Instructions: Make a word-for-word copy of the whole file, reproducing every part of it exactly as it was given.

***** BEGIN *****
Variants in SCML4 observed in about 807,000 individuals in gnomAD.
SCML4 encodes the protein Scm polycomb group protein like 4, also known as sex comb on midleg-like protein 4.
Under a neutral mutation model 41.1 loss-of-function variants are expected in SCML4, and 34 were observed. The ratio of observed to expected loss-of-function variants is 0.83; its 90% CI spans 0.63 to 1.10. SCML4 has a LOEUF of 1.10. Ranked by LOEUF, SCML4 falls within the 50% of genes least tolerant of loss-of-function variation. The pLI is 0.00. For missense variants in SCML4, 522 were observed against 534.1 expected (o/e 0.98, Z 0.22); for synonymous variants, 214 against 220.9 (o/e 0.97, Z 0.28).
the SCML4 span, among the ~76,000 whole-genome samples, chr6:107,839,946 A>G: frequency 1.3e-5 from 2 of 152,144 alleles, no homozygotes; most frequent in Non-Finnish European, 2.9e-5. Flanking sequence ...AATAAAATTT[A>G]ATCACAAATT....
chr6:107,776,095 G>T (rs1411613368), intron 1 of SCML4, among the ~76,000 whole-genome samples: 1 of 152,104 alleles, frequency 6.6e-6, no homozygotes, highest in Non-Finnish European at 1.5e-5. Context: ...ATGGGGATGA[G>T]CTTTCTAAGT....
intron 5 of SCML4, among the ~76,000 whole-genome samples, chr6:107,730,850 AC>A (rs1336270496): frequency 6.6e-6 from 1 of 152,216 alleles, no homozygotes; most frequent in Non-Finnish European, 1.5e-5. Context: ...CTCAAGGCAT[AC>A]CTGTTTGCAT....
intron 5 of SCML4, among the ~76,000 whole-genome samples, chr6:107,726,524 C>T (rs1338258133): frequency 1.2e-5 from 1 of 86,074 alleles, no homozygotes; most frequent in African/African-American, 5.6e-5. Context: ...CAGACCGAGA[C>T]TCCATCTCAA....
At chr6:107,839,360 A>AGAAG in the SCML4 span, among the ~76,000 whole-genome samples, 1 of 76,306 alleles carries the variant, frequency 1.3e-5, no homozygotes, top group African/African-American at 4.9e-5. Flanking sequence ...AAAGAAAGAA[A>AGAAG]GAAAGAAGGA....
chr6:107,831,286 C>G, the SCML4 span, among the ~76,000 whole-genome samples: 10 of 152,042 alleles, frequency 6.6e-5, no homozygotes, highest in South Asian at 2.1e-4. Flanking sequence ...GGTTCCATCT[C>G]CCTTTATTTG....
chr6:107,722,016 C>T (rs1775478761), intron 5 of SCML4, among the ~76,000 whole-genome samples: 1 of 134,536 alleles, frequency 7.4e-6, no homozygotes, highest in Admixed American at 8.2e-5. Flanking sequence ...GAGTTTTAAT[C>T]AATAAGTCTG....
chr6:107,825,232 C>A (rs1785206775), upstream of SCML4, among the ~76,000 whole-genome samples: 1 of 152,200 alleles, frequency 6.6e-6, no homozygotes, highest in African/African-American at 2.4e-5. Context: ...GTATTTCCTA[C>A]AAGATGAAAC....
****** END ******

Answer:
Variants in SCML4 observed in about 807,000 individuals in gnomAD.
SCML4 encodes the protein Scm polycomb group protein like 4, also known as sex comb on midleg-like protein 4.
Under a neutral mutation model 41.1 loss-of-function variants are expected in SCML4, and 34 were observed. The ratio of observed to expected loss-of-function variants is 0.83; its 90% CI spans 0.63 to 1.10. SCML4 has a LOEUF of 1.10. Ranked by LOEUF, SCML4 falls within the 50% of genes least tolerant of loss-of-function variation. The pLI is 0.00. For missense variants in SCML4, 522 were observed against 534.1 expected (o/e 0.98, Z 0.22); for synonymous variants, 214 against 220.9 (o/e 0.97, Z 0.28).
the SCML4 span, among the ~76,000 whole-genome samples, chr6:107,839,946 A>G: frequency 1.3e-5 from 2 of 152,144 alleles, no homozygotes; most frequent in Non-Finnish European, 2.9e-5. Flanking sequence ...AATAAAATTT[A>G]ATCACAAATT....
chr6:107,776,095 G>T (rs1411613368), intron 1 of SCML4, among the ~76,000 whole-genome samples: 1 of 152,104 alleles, frequency 6.6e-6, no homozygotes, highest in Non-Finnish European at 1.5e-5. Context: ...ATGGGGATGA[G>T]CTTTCTAAGT....
intron 5 of SCML4, among the ~76,000 whole-genome samples, chr6:107,730,850 AC>A (rs1336270496): frequency 6.6e-6 from 1 of 152,216 alleles, no homozygotes; most frequent in Non-Finnish European, 1.5e-5. Context: ...CTCAAGGCAT[AC>A]CTGTTTGCAT....
intron 5 of SCML4, among the ~76,000 whole-genome samples, chr6:107,726,524 C>T (rs1338258133): frequency 1.2e-5 from 1 of 86,074 alleles, no homozygotes; most frequent in African/African-American, 5.6e-5. Context: ...CAGACCGAGA[C>T]TCCATCTCAA....
At chr6:107,839,360 A>AGAAG in the SCML4 span, among the ~76,000 whole-genome samples, 1 of 76,306 alleles carries the variant, frequency 1.3e-5, no homozygotes, top group African/African-American at 4.9e-5. Flanking sequence ...AAAGAAAGAA[A>AGAAG]GAAAGAAGGA....
chr6:107,831,286 C>G, the SCML4 span, among the ~76,000 whole-genome samples: 10 of 152,042 alleles, frequency 6.6e-5, no homozygotes, highest in South Asian at 2.1e-4. Flanking sequence ...GGTTCCATCT[C>G]CCTTTATTTG....
chr6:107,722,016 C>T (rs1775478761), intron 5 of SCML4, among the ~76,000 whole-genome samples: 1 of 134,536 alleles, frequency 7.4e-6, no homozygotes, highest in Admixed American at 8.2e-5. Flanking sequence ...GAGTTTTAAT[C>T]AATAAGTCTG....
chr6:107,825,232 C>A (rs1785206775), upstream of SCML4, among the ~76,000 whole-genome samples: 1 of 152,200 alleles, frequency 6.6e-6, no homozygotes, highest in African/African-American at 2.4e-5. Context: ...GTATTTCCTA[C>A]AAGATGAAAC....